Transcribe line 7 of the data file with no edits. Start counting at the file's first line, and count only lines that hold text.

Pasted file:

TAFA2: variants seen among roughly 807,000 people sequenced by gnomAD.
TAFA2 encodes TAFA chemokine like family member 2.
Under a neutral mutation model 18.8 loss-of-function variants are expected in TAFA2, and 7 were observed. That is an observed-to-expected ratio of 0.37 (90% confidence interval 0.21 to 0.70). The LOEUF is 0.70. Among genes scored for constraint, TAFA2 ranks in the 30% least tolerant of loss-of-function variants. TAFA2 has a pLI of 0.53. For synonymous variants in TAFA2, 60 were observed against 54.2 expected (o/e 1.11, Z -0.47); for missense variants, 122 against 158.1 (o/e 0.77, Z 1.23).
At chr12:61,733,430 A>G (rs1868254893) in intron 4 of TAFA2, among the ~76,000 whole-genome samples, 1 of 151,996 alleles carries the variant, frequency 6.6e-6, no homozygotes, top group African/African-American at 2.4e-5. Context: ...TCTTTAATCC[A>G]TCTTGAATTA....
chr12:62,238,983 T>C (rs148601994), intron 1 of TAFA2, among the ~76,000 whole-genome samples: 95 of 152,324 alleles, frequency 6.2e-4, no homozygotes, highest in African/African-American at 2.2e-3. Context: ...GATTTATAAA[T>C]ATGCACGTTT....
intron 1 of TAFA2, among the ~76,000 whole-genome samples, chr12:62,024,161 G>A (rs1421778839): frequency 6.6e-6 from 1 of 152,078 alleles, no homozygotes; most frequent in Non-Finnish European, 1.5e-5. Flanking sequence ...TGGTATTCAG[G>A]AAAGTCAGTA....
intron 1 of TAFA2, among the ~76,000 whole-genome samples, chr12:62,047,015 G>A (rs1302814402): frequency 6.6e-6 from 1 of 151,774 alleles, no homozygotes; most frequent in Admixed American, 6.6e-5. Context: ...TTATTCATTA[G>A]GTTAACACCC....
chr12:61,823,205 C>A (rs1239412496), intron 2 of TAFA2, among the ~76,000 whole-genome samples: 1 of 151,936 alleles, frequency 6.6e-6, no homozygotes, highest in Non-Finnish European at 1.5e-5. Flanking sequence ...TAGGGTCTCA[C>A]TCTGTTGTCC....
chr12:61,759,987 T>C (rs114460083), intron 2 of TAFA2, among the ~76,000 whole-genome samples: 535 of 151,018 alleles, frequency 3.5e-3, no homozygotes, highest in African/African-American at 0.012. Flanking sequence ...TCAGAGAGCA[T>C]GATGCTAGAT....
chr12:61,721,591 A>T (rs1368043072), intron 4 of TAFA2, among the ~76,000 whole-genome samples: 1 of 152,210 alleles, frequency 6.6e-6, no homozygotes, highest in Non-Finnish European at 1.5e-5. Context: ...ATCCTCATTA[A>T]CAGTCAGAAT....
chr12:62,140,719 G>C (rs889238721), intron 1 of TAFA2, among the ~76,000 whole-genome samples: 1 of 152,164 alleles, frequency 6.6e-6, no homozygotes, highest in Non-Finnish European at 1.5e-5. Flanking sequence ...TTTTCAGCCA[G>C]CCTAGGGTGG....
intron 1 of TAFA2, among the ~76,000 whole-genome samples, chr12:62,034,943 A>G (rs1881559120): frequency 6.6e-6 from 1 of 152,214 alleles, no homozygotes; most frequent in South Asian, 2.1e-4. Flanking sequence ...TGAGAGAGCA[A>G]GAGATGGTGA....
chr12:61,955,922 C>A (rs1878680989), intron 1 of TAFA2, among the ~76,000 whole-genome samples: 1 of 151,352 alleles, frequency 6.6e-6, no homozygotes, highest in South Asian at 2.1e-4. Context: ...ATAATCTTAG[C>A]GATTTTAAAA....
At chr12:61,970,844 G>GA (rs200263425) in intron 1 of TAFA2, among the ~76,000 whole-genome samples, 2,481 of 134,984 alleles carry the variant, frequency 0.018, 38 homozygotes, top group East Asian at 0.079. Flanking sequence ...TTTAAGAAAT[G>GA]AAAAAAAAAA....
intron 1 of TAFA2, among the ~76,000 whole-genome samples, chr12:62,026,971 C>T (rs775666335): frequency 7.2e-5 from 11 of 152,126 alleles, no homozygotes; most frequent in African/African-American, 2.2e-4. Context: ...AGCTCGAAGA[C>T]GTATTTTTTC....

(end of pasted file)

intron 1 of TAFA2, among the ~76,000 whole-genome samples, chr12:62,047,015 G>A (rs1302814402): frequency 6.6e-6 from 1 of 151,774 alleles, no homozygotes; most frequent in Admixed American, 6.6e-5. Context: ...TTATTCATTA[G>A]GTTAACACCC....